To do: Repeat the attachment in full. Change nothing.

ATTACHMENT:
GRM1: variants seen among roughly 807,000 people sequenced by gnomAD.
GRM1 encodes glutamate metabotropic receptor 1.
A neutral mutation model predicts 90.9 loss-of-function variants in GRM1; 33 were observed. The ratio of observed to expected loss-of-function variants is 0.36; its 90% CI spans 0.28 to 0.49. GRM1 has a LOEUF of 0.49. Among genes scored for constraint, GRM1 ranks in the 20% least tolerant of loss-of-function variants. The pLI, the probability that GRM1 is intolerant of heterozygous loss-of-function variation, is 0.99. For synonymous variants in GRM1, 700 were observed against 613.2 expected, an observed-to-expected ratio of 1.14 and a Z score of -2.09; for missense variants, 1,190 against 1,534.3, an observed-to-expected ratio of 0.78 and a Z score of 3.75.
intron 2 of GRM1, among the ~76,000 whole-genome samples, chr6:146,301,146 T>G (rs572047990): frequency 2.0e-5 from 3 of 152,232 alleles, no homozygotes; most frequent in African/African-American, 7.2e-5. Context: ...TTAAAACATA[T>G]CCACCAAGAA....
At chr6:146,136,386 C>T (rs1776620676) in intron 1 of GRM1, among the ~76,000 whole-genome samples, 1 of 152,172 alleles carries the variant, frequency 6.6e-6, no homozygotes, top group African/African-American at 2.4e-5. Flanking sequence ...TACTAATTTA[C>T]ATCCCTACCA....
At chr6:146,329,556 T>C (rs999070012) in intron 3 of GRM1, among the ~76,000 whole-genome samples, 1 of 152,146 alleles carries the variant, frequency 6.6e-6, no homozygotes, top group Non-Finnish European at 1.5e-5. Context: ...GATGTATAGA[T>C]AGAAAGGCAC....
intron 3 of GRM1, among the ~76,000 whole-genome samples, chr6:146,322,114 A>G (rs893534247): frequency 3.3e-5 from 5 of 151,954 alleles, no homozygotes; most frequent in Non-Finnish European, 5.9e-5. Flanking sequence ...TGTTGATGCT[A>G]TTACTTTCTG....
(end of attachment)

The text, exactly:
GRM1: variants seen among roughly 807,000 people sequenced by gnomAD.
GRM1 encodes glutamate metabotropic receptor 1.
A neutral mutation model predicts 90.9 loss-of-function variants in GRM1; 33 were observed. The ratio of observed to expected loss-of-function variants is 0.36; its 90% CI spans 0.28 to 0.49. GRM1 has a LOEUF of 0.49. Among genes scored for constraint, GRM1 ranks in the 20% least tolerant of loss-of-function variants. The pLI, the probability that GRM1 is intolerant of heterozygous loss-of-function variation, is 0.99. For synonymous variants in GRM1, 700 were observed against 613.2 expected, an observed-to-expected ratio of 1.14 and a Z score of -2.09; for missense variants, 1,190 against 1,534.3, an observed-to-expected ratio of 0.78 and a Z score of 3.75.
intron 2 of GRM1, among the ~76,000 whole-genome samples, chr6:146,301,146 T>G (rs572047990): frequency 2.0e-5 from 3 of 152,232 alleles, no homozygotes; most frequent in African/African-American, 7.2e-5. Context: ...TTAAAACATA[T>G]CCACCAAGAA....
At chr6:146,136,386 C>T (rs1776620676) in intron 1 of GRM1, among the ~76,000 whole-genome samples, 1 of 152,172 alleles carries the variant, frequency 6.6e-6, no homozygotes, top group African/African-American at 2.4e-5. Flanking sequence ...TACTAATTTA[C>T]ATCCCTACCA....
At chr6:146,329,556 T>C (rs999070012) in intron 3 of GRM1, among the ~76,000 whole-genome samples, 1 of 152,146 alleles carries the variant, frequency 6.6e-6, no homozygotes, top group Non-Finnish European at 1.5e-5. Context: ...GATGTATAGA[T>C]AGAAAGGCAC....
intron 3 of GRM1, among the ~76,000 whole-genome samples, chr6:146,322,114 A>G (rs893534247): frequency 3.3e-5 from 5 of 151,954 alleles, no homozygotes; most frequent in Non-Finnish European, 5.9e-5. Flanking sequence ...TGTTGATGCT[A>G]TTACTTTCTG....